Reentering civilian life after serving your country can be a significant adjustment. In addition to making use of Veteran’s Administration services to help you reacclimate, get settled, and launch the next phase of your life, make time to think about your finances. Give some thought to what you want to do moving forward in your personal and professional life, and set corresponding financial goals. Managing your taxes will help you in this regard. The Fiscal Diet can help guide you on this journey.
Understanding Your Finances
According to Military Times, some recently discharged young veterans struggle with managing their finances and successfully reintegrating back into civilian life. You may have a pension or other income from the US government. Consider consulting a financial advisor to help ensure you’re using and investing this income to your benefit. If you’re looking to purchase a new home, according to the US Department of Veteran’s Affairs, you may be eligible for special government funding in the form of a VA-backed home loan. You’ll still need to meet income and credit requirements, which is why it’s important to track and understand your credit score.
The Cost of Civilian Life
If you’ve been in the military for some time, it might be a bit of an adjustment getting back into a civilian routine. Creating a budget can help you manage your finances wisely. You can find a number of online programs that help you track regular expenses, as well as revolving debt. You’ll also want to minimize debt and avoid high balances on credit cards. Payments on high-interest cards can be challenging to stay on top of, and high credit utilization reduces the number of other loan products you may want to secure – like a car loan. If you’re struggling with debt, the US Federal Trade Commission offers advice on how to find a reputable consumer credit counseling agency that can help you get back on track with a manageable plan.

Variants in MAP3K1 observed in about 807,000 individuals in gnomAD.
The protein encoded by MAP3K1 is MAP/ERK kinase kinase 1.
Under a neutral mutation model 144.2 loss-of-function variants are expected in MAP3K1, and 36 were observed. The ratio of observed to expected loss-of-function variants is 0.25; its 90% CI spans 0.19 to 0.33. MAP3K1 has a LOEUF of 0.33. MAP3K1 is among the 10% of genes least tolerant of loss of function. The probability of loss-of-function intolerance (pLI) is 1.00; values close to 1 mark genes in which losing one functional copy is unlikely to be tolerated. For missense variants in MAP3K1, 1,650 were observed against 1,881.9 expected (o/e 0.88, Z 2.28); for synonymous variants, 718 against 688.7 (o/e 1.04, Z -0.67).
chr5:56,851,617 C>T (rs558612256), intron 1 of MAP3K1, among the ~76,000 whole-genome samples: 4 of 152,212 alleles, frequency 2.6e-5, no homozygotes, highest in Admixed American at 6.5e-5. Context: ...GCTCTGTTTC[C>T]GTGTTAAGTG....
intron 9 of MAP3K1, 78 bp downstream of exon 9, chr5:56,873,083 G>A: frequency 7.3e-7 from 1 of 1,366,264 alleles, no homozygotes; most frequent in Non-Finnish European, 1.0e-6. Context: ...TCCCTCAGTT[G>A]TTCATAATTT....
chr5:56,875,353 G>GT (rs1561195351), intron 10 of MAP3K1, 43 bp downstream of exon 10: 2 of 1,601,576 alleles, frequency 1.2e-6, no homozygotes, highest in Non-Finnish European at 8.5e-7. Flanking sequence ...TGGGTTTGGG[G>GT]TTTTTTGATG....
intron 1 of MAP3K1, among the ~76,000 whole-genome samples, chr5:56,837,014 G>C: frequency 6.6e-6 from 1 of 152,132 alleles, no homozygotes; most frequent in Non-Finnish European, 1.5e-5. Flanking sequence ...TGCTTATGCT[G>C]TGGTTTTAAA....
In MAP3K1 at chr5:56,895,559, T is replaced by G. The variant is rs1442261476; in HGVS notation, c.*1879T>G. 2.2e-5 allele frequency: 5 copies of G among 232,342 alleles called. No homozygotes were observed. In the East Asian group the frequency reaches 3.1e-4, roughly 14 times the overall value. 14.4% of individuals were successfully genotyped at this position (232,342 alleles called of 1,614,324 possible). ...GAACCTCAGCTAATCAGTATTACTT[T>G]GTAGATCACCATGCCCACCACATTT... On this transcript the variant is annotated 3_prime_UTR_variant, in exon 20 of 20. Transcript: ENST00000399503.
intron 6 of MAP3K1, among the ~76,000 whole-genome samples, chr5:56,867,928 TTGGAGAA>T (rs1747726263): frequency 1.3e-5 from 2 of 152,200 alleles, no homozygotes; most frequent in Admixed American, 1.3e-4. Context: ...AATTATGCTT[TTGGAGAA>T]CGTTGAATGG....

Launching Your Next Career
Some young veterans decide to pursue public service once they reenter civilian life. You may go into private security, police work, or a field related to special training you received during your time in the military. Others may choose to pursue a career and a line of work they find personally fulfilling, which may involve attending college.
Rounding out your education with an online MBA has many benefits, including increased earning potential and acquiring the skills and knowledge that many employers seek. With an MBA, you’ll stand out from the competition after learning and applying techniques like self-awareness and self-assessment, and application of foundational leadership and management skills. Taking coursework online also means you can study and complete assignments wherever you are and whenever you want such as on the weekends or at night after working your current job. Be sure to research the programs being offered online — a legit degree will be ACBSP accredited, a top recognition that shows the value of your education and diploma.
Some companies make an effort to give hiring priority to veterans, which can be to your advantage, especially with an MBA under your belt. Take into consideration not only what your salary might be in a new role, but also the value of a benefits package that includes perks like retirement and health insurance.
Paving Your Own Way
As someone who served in a highly regimented line of work, you likely have the focus and determination that’s necessary for launching a small business. If that’s something of interest, there are a wide array of areas to consider, and you may be eligible for VA funding to aid in the start-up. Start off by developing a business plan. It may be to your advantage to form a limited liability company to reduce your liability, give you greater tax advantages and lessen required paperwork. You can file the forms yourself, hire an attorney, or use a formation service. Requirements for launching an LLC vary from one state to another, so check your state requirements before getting started.
You’ll find a number of opportunities exist for your personal and professional growth and fulfillment in your post-military service life. Give some thought and consideration to what you need from a financial perspective, and leverage your talents and skills in a way that’s both personally rewarding, and helps you meet your monetary objectives.
If you’re looking for advice about managing your finances and growing your money, read the blog The Fiscal Diet.